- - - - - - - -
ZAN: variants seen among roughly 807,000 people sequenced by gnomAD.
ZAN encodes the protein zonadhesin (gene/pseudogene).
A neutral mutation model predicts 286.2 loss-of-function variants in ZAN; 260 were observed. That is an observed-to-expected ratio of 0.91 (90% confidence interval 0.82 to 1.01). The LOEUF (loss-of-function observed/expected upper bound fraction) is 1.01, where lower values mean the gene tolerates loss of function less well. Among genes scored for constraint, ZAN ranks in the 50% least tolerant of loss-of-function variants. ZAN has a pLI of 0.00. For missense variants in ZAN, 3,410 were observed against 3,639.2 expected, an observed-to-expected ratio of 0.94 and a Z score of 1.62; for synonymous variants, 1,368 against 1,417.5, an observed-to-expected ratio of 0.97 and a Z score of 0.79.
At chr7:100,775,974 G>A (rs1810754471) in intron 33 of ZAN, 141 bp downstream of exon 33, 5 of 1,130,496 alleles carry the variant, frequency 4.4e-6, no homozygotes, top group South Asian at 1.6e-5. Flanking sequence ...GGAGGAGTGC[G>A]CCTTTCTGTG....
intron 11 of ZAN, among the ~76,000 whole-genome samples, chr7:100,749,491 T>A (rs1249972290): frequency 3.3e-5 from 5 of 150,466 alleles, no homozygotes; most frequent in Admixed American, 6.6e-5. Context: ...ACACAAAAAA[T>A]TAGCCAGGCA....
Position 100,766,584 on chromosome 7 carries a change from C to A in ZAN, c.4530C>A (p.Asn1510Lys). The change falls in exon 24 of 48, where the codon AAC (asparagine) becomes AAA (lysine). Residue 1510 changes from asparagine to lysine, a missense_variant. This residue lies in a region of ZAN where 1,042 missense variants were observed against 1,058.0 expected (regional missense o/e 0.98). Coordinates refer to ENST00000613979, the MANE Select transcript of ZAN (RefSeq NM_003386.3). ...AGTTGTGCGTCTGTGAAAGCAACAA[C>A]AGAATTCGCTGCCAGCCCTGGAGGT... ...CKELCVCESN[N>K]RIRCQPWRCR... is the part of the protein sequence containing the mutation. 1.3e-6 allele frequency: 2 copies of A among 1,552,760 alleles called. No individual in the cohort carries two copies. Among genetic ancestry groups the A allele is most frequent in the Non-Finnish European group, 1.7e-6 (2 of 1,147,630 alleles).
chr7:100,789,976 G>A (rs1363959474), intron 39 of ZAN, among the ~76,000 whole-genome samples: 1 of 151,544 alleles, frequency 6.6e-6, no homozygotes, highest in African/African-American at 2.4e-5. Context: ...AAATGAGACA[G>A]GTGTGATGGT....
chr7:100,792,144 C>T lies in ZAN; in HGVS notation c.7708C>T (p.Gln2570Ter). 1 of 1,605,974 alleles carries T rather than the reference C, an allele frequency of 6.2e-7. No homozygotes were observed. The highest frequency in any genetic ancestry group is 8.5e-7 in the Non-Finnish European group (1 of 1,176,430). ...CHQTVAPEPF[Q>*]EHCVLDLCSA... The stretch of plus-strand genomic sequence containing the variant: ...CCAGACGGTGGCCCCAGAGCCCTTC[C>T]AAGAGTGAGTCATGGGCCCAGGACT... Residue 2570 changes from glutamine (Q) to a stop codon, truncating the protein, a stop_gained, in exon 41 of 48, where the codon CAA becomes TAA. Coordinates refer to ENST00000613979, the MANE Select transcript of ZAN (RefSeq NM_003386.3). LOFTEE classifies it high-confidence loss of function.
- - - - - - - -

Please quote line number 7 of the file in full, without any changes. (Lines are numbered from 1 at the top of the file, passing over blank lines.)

chr7:100,789,976 G>A (rs1363959474), intron 39 of ZAN, among the ~76,000 whole-genome samples: 1 of 151,544 alleles, frequency 6.6e-6, no homozygotes, highest in African/African-American at 2.4e-5. Context: ...AAATGAGACA[G>A]GTGTGATGGT....